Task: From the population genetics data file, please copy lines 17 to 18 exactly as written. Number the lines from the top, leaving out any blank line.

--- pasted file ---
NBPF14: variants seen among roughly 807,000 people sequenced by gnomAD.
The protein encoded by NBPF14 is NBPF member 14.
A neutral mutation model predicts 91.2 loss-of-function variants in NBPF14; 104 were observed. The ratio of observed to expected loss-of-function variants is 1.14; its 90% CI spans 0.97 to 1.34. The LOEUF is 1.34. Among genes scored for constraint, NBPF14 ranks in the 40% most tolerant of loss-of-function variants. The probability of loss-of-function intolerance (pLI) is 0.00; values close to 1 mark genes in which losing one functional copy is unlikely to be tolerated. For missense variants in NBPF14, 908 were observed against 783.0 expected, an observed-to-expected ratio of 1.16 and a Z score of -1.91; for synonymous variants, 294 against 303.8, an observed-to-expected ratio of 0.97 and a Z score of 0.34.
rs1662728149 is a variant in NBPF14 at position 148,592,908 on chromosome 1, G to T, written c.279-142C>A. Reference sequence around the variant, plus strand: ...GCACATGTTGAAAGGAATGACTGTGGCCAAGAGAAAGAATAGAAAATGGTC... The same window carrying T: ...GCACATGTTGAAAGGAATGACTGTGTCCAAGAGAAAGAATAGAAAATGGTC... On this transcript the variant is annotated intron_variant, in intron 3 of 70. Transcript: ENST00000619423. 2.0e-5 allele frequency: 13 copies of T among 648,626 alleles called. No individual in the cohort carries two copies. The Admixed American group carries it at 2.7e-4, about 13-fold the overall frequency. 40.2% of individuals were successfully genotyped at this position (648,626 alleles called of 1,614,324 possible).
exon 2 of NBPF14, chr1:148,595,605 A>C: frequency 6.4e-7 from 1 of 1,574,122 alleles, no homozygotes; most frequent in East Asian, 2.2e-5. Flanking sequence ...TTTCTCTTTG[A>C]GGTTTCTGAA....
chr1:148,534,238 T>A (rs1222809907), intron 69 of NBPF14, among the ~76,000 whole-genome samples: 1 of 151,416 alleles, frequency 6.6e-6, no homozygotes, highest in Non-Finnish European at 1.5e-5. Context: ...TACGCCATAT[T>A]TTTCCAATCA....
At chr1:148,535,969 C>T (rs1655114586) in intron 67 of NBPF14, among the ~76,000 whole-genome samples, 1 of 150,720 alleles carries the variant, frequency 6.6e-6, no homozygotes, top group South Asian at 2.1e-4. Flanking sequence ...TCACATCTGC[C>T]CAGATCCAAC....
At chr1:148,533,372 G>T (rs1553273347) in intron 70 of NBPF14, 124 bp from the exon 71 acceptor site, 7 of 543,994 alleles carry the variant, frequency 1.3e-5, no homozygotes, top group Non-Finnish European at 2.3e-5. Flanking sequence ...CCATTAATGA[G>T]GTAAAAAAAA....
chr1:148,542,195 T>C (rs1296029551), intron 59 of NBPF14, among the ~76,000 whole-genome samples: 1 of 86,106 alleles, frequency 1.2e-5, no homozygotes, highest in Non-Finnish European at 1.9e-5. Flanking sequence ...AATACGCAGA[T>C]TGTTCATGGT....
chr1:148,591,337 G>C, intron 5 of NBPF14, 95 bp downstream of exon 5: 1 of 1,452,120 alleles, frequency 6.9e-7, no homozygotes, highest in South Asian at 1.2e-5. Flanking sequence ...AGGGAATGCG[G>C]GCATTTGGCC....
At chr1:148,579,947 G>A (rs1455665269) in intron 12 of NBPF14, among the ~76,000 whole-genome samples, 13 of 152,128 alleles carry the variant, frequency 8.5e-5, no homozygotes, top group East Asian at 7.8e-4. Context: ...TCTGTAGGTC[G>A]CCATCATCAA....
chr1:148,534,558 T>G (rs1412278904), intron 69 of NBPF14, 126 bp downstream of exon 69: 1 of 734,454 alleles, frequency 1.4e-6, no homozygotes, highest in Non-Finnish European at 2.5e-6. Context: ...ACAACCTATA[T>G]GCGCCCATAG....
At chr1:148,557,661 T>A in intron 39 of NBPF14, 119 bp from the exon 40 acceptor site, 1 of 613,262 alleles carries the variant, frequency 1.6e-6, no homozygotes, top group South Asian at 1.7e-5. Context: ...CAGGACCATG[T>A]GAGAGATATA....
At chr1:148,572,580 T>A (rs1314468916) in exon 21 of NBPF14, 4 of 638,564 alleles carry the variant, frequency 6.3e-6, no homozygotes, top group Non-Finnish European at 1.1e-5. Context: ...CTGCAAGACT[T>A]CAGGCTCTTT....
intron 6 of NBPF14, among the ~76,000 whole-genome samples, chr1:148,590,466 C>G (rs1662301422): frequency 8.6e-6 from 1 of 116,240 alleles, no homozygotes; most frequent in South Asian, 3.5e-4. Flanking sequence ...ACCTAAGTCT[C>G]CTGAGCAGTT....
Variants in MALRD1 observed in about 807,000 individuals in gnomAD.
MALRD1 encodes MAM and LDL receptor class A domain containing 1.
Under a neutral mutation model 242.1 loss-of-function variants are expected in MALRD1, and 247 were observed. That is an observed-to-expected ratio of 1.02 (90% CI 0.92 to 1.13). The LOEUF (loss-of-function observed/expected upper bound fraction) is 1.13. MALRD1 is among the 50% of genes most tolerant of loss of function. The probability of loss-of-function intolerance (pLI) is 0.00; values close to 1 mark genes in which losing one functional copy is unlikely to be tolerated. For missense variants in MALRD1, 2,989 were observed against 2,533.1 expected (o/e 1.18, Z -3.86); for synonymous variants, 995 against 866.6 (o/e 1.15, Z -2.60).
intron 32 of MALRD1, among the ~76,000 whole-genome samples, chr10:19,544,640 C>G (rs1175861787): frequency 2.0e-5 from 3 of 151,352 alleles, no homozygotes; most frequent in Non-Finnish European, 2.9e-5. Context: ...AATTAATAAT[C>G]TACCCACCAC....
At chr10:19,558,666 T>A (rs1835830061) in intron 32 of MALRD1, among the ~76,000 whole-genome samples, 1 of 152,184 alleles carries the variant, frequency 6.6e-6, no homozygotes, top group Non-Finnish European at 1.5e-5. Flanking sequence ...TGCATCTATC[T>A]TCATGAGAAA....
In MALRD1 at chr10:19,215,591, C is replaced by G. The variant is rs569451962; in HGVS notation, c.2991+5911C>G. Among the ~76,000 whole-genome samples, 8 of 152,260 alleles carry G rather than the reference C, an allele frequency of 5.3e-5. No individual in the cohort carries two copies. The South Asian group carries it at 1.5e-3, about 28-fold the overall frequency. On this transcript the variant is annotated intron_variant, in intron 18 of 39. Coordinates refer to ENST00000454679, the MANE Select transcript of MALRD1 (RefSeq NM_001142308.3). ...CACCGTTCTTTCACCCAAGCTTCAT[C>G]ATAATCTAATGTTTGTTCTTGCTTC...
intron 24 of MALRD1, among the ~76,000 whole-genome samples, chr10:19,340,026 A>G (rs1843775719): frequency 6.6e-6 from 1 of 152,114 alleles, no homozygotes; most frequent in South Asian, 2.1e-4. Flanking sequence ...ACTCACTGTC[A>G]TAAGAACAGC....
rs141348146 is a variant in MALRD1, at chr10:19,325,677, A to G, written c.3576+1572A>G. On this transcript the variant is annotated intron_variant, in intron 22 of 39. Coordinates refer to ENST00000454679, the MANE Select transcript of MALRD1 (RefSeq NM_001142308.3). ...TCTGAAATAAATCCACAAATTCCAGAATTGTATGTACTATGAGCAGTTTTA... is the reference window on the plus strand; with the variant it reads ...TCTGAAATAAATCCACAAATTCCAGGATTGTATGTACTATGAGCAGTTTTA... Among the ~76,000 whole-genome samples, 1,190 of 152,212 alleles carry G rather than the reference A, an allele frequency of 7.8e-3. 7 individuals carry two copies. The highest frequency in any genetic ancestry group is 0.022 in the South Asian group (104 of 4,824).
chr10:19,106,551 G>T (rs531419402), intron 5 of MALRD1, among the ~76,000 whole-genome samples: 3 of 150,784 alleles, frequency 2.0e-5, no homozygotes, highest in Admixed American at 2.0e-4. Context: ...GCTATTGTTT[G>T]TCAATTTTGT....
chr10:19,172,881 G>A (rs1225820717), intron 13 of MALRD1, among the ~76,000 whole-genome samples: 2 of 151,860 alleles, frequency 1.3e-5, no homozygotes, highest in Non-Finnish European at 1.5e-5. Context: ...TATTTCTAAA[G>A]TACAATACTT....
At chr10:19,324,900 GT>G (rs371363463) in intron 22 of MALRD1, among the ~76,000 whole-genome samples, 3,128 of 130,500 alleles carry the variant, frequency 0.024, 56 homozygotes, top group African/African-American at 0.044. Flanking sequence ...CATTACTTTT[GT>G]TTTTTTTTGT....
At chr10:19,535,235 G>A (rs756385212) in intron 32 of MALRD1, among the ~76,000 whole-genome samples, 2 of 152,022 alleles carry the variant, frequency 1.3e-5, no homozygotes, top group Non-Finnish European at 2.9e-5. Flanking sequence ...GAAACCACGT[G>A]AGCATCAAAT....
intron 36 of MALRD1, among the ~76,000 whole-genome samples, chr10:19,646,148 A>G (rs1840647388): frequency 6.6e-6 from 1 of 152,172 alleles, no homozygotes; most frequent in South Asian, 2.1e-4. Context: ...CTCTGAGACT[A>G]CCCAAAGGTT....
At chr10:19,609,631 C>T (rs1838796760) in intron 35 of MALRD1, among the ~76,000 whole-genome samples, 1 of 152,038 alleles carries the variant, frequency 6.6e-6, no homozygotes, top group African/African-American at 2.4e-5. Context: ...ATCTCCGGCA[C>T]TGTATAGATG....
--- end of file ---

MALRD1 encodes MAM and LDL receptor class A domain containing 1.
Under a neutral mutation model 242.1 loss-of-function variants are expected in MALRD1, and 247 were observed. That is an observed-to-expected ratio of 1.02 (90% CI 0.92 to 1.13). The LOEUF (loss-of-function observed/expected upper bound fraction) is 1.13. MALRD1 is among the 50% of genes most tolerant of loss of function. The probability of loss-of-function intolerance (pLI) is 0.00; values close to 1 mark genes in which losing one functional copy is unlikely to be tolerated. For missense variants in MALRD1, 2,989 were observed against 2,533.1 expected (o/e 1.18, Z -3.86); for synonymous variants, 995 against 866.6 (o/e 1.15, Z -2.60).